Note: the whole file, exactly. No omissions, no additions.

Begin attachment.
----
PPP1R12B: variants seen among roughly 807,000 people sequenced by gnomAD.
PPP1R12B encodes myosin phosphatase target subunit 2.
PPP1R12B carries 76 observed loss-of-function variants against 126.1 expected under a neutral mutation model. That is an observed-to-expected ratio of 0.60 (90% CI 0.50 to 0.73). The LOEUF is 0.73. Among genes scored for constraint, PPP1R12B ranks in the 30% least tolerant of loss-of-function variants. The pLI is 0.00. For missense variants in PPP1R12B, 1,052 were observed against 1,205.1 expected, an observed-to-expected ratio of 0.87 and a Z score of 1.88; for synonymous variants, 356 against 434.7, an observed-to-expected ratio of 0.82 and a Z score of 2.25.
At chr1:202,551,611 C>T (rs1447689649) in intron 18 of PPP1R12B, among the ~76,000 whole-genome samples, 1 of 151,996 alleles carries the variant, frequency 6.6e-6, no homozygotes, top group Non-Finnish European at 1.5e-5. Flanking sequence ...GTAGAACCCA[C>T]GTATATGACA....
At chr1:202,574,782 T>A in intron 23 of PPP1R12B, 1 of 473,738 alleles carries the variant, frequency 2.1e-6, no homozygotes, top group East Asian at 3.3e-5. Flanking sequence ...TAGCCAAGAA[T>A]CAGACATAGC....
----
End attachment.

PPP1R12B: variants seen among roughly 807,000 people sequenced by gnomAD.
PPP1R12B encodes myosin phosphatase target subunit 2.
PPP1R12B carries 76 observed loss-of-function variants against 126.1 expected under a neutral mutation model. That is an observed-to-expected ratio of 0.60 (90% CI 0.50 to 0.73). The LOEUF is 0.73. Among genes scored for constraint, PPP1R12B ranks in the 30% least tolerant of loss-of-function variants. The pLI is 0.00. For missense variants in PPP1R12B, 1,052 were observed against 1,205.1 expected, an observed-to-expected ratio of 0.87 and a Z score of 1.88; for synonymous variants, 356 against 434.7, an observed-to-expected ratio of 0.82 and a Z score of 2.25.
At chr1:202,551,611 C>T (rs1447689649) in intron 18 of PPP1R12B, among the ~76,000 whole-genome samples, 1 of 151,996 alleles carries the variant, frequency 6.6e-6, no homozygotes, top group Non-Finnish European at 1.5e-5. Flanking sequence ...GTAGAACCCA[C>T]GTATATGACA....
At chr1:202,574,782 T>A in intron 23 of PPP1R12B, 1 of 473,738 alleles carries the variant, frequency 2.1e-6, no homozygotes, top group East Asian at 3.3e-5. Flanking sequence ...TAGCCAAGAA[T>A]CAGACATAGC....